Taoiseach Micheál Martin is due in Belfast today for talks aimed at breaking the political deadlock caused by unionist concerns over the Northern Ireland protocol and restoring a functioning Assembly and Executive at Stormont.
The mood in Dublin over the UK's approach to the post-Brexit protocol continued to darken ahead of Mr Martin's meetings with Northern political party leaders and business representatives.
The threat remains of unilateral action by the UK government – which has said it will soon begin legislating to set aside parts of the protocol it agreed as part of the UK’s departure from the EU. Irish officials and politicians, who have been in contact with their counterparts in London, expressed pessimism about finding a solution in the weeks ahead.
Mr Martin spoke to European Commission president Ursula von der Leyen and Alliance Party leader Naomi Long yesterday about the situation. Officials said he and Ms Von der Leyen agreed that what was being proposed by London was unacceptable.
“The EU and Ireland are on the same page: international agreements cannot be disapplied unilaterally,” Ms Von der Leyen wrote later on Twitter. “The UK needs to work with us to find joint, workable solutions.”
Minister for Foreign Affairs Simon Coveney is to hold talks with UK foreign secretary Liz Truss at a Council of Europe event in Turin today.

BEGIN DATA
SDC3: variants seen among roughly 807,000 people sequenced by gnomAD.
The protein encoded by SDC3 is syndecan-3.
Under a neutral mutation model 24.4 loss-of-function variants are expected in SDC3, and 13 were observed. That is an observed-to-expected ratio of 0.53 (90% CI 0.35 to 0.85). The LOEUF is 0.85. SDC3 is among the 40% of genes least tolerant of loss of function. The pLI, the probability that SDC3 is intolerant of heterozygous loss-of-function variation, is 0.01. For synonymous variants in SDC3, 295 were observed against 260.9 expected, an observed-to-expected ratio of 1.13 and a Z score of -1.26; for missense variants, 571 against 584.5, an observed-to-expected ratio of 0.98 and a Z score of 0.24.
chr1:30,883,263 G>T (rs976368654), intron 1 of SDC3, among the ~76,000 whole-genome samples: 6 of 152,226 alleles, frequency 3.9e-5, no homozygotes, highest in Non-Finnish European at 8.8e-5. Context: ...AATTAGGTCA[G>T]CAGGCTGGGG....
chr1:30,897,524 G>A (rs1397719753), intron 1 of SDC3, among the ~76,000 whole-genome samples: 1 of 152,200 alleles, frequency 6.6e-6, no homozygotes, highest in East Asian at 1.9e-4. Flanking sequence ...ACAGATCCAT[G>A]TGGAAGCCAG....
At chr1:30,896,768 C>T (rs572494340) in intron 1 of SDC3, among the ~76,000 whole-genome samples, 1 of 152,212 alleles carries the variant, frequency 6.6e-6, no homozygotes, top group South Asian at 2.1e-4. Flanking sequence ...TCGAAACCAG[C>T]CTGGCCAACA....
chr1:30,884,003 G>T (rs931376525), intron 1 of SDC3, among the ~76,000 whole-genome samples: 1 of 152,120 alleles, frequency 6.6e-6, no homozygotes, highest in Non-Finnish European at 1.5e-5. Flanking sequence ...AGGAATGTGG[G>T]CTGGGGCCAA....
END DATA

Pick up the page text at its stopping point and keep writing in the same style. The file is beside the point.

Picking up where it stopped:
Speaking ahead of their meeting, Mr Coveney said that “there can be no ambiguity” that Ms Truss was proposing to “break international law deliberately” through the legislation overriding parts of the protocol. Ms Truss has said that she intends to publish a legal statement backing up her plans.
“She can justify that if she wants to in the House of Commons in terms of British law, but there is no ambiguity in my mind that this is a government choosing to legislate in a way to set aside international law that they themselves have been responsible for designing, ratifying and agreeing,” he said.
Following this month’s Northern Irish election, the DUP blocked the appointment of a speaker at Stormont as part of its protest over the protocol, which means the Assembly cannot sit and there is only a caretaker Executive with limited powers.
Ahead of his party’s meeting with the Taoiseach, DUP leader Jeffrey Donaldson warned it was time for Dublin to “belatedly recognise that if nothing is fixed then there will be no progress”.
He said the protocol, designed to avoid a hard border on the island of Ireland, had “damaged both Northern Ireland’s economic and democratic arrangements” and “must be replaced by arrangements that can command the support of unionists as well as nationalists”. He said the choice was “clear” and the “current protocol is incompatible” with the Belfast Agreement.
Sinn Féin’s Conor Murphy said there was “no reason why the Assembly and the Executive can’t function” and that the DUP could engage with the UK government regarding the protocol while Stormont was up and running.
In London, EU ambassador to the UK Joao Vale de Almeida told journalists there was a severe lack of trust between the two sides and there appeared little sign of a “happy ending” to the dispute.
Mr Coveney said the UK’s approach would have “real consequences” for Britain’s reputation internationally, which he hoped the UK government would reflect on, not just out of necessity but “in a practical sense” because the EU was willing to work with the UK to resolve the issues.
“We have made it very clear that if Britain forces the EU into responding to a breach of international law, that puts everybody in a bad space,” he said.